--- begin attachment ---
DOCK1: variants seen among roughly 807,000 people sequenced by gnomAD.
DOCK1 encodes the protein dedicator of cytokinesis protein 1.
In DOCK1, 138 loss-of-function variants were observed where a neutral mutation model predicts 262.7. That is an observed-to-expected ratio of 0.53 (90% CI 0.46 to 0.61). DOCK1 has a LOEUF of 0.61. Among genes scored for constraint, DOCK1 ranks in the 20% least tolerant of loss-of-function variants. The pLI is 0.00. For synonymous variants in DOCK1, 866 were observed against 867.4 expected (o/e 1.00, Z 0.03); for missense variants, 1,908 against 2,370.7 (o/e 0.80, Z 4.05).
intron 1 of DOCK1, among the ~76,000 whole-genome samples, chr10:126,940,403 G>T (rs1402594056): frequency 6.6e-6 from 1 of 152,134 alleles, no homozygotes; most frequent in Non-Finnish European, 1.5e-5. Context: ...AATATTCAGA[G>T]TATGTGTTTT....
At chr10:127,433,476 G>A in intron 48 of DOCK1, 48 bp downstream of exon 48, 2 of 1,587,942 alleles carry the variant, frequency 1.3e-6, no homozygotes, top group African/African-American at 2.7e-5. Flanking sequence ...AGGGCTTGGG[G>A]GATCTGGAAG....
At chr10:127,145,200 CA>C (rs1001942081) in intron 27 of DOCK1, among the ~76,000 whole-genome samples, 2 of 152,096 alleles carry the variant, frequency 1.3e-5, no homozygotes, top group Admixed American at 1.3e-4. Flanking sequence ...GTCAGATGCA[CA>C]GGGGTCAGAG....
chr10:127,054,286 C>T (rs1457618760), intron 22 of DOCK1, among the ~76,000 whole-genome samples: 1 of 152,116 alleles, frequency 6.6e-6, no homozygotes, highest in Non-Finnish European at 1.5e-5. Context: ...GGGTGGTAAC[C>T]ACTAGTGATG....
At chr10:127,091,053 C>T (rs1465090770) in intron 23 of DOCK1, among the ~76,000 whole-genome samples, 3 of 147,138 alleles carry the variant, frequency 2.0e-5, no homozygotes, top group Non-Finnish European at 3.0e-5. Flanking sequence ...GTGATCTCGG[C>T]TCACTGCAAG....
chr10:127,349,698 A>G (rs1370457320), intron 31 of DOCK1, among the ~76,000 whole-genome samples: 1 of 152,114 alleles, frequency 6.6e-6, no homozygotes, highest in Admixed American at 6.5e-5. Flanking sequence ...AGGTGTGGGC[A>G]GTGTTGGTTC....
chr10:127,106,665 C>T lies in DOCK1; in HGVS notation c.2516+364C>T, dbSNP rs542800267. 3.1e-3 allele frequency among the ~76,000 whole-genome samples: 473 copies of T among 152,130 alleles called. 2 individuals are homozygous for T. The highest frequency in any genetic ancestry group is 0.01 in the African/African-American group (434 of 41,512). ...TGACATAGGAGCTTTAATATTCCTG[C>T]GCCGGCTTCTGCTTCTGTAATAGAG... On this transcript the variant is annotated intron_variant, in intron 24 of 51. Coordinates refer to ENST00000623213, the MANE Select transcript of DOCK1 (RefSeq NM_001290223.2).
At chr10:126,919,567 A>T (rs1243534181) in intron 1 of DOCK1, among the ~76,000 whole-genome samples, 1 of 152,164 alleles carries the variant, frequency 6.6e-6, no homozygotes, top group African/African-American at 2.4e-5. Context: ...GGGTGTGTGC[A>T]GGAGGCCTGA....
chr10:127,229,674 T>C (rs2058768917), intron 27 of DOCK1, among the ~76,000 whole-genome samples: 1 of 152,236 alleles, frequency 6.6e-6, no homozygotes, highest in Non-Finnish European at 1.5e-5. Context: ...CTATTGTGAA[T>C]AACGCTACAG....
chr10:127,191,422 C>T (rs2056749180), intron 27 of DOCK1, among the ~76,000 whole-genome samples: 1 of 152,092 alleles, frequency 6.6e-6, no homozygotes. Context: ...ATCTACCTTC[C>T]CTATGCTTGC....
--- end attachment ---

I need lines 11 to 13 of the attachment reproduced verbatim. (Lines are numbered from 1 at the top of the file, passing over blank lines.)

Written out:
At chr10:126,919,567 A>T (rs1243534181) in intron 1 of DOCK1, among the ~76,000 whole-genome samples, 1 of 152,164 alleles carries the variant, frequency 6.6e-6, no homozygotes, top group African/African-American at 2.4e-5. Context: ...GGGTGTGTGC[A>T]GGAGGCCTGA....
chr10:127,229,674 T>C (rs2058768917), intron 27 of DOCK1, among the ~76,000 whole-genome samples: 1 of 152,236 alleles, frequency 6.6e-6, no homozygotes, highest in Non-Finnish European at 1.5e-5. Context: ...CTATTGTGAA[T>C]AACGCTACAG....
chr10:127,191,422 C>T (rs2056749180), intron 27 of DOCK1, among the ~76,000 whole-genome samples: 1 of 152,092 alleles, frequency 6.6e-6, no homozygotes. Context: ...ATCTACCTTC[C>T]CTATGCTTGC....